VRB Energy claims to be ‘leading contender’ for massive flow battery projects in China

The new CEO at VRB Energy, a maker of vanadium redox flow battery energy storage devices, claims that ongoing improvements to its technologies will allow it to outcompete lithium-ion energy storage in the coming years.

VRB Energy said this week that Dr Mianyan Huang, a leading expert on vanadium flow battery technology and chief technology officer (CTO) and president of its China-based subsidiary has been promoted to chief executive officer (CEO).

Huang - who VRB said has 12 “key” flow battery material and system design patents to his name - actually took over on 1 July from previous CEO John Wang, but the announcement has been left until now. Wang had been in the role since late 2017 and came from a management consulting and technology background.

Additionally, the company announced that Dr Huang has been overseeing testing for the company’s forthcoming Gen3 cell stack design. VRB claimed that it enables a 30% increase in energy density, based on proprietary components developed in-house by the company including membrane and bipole materials. It also features improvements in electrode and cell frame design, the company said. 

“This testing shows that our Gen3 technology will be able to achieve a 10% improvement in overall efficiency while simultaneously reducing battery size and lowering cost for our customers. This is just one of many improvements that will enable us to deliver a complete energy storage system for less than forecasted lithium-ion battery pricing, and with 15-40% better levelised cost of energy (LCOE) performance,” the CEO said.

Redox flow batteries allow for the decoupling of energy and power within the cell stack, meaning that to increase capacity and storage duration the tanks of electrolyte that store energy simply need to be scaled up and that repeated cycling does not cause degradation of cells. Meanwhile the technology's proponents claim it poses less fire risk and features more easily recyclable components than lithium-ion.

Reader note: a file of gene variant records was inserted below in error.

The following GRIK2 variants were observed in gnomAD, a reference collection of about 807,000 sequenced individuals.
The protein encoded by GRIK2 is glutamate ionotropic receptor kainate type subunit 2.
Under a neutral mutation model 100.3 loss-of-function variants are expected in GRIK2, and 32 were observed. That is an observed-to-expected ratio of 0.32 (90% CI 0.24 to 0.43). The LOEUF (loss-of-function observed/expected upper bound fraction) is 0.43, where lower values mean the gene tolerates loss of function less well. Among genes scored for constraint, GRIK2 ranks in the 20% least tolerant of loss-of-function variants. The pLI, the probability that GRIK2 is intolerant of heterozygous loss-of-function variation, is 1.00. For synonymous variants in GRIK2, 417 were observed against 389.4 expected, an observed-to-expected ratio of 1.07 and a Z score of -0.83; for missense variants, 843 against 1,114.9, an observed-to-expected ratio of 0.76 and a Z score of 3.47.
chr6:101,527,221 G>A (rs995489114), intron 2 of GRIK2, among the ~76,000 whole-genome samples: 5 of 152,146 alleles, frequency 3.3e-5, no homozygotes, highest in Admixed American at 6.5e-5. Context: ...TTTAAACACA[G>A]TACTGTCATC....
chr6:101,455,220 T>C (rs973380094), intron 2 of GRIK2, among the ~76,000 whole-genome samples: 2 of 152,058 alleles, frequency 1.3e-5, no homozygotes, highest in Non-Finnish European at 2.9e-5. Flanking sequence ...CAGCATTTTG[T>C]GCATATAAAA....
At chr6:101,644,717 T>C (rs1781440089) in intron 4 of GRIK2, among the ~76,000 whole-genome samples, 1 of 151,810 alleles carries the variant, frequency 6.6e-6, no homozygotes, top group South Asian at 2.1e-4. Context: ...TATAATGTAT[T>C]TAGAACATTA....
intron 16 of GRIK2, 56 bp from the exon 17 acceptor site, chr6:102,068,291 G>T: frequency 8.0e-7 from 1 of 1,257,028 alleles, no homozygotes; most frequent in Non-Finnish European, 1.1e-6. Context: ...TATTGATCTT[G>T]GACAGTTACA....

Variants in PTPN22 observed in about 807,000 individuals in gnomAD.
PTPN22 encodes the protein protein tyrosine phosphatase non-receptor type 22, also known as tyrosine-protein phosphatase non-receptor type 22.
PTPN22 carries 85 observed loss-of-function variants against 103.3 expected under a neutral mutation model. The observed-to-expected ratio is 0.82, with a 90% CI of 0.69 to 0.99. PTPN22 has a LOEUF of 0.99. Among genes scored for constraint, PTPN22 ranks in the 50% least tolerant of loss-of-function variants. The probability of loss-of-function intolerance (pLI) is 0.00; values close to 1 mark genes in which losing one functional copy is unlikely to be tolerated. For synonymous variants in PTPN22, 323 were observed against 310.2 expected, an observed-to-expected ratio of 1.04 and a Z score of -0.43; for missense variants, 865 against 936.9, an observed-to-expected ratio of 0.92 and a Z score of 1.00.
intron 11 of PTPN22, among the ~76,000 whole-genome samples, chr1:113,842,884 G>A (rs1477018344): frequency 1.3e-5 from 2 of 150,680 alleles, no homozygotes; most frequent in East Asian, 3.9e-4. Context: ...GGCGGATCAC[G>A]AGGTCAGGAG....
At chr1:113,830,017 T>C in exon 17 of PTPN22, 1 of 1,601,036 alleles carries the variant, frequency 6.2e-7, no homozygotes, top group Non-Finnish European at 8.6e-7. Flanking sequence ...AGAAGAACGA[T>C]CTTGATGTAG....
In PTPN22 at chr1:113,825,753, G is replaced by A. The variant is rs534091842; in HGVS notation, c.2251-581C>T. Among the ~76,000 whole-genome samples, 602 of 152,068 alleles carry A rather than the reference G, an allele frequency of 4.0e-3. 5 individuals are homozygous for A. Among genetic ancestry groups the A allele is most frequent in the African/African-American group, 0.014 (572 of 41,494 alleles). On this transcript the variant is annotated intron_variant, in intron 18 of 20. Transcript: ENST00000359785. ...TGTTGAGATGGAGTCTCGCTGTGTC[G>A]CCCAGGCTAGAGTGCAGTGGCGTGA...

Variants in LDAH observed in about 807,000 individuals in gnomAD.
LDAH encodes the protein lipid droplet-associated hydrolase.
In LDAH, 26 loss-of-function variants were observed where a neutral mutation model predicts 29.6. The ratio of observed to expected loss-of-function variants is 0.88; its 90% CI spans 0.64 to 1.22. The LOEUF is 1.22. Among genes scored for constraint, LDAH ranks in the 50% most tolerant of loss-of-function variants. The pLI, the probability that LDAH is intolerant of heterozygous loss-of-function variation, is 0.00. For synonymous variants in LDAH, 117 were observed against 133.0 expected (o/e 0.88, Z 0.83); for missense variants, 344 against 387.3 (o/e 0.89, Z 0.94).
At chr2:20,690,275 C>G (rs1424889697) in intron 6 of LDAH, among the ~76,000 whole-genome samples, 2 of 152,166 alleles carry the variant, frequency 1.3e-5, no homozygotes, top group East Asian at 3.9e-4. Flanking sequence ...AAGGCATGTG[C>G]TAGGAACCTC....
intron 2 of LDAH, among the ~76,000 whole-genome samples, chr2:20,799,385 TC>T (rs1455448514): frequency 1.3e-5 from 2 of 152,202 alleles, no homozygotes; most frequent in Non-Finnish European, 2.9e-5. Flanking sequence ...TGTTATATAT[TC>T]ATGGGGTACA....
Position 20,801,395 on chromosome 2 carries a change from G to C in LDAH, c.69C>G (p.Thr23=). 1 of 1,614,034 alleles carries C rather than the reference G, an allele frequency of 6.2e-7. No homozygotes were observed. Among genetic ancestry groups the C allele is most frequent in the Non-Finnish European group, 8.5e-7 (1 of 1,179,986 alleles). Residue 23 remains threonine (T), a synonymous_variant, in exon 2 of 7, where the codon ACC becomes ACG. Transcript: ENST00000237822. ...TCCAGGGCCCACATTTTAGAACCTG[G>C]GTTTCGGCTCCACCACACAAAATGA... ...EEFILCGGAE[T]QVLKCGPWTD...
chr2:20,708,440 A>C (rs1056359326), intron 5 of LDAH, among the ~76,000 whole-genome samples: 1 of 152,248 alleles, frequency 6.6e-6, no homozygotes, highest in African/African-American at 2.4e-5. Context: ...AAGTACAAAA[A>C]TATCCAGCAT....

VRB Energy was among four different flow battery providers profiled in a 2018 feature article for our technical journal PV Tech Power, also published in two parts on this website. The company began life as a Chinese company called Pu Neng before 82% of the company was bought up by High Power Exploration (HPX), a minerals exploration and development company based in North America. HPX is in turn owned by electrical energy company I-Pulse. I-Pulse and HPX boss Robert Friedland, a noted name in the mining industry, is chairman of the board at VRB.

China government 'recognises important role vanadium flow batteries will play in integrating renewable energy'

While VRB Energy has 30MWh of systems deployed worldwide to date, in China, the company said it is in the running to deliver some of the multiple-hundred megawatt-hour flow battery projects planned by the central government. VRB in early 2019 said it had successfully commissioned the first 3MW / 12MWh demonstration phase of a vanadium redox flow project, Hubei Zaoyang Utility-scale Solar and Storage Integration Demonstration Project which was expected to inform decision-making around those mega-projects.

More recently, in July, VRB Energy received an undisclosed sum in grant funding and recognition from the Beijing Government Committee for High and New Technology Development including support to develop insurance offerings on the company’s batteries with Chinese insurance provider PingAn. This was in recognition of the company’s efforts in R&D, VRB Energy China’s VP of operations Charles Ge said, as well as being “a sign that the government both recognises the important role vanadium flow battery technology will play in integrating massive amounts of new renewable energy onto the grid in China, and it also singles out VRB Energy as a leader in this field”.

VRB also claimed that new CEO Dr Huang’s existing relationships within the Chinese renewable energy industry is a factor in making the company a “leading contender” to deliver “multiple 100MW-class projects” under the country’s infrastructure investment programme, which is apparently being accelerated to help stimulate economic recovery after the COVID-19 pandemic.

VRB Energy’s US marketing head Jim Stover appeared on the discussion panel “Predicting the energy storage tech of the future” at the Energy Storage Digital Summit hosted by our publisher Solar Media earlier this year - you can watch the panel here.

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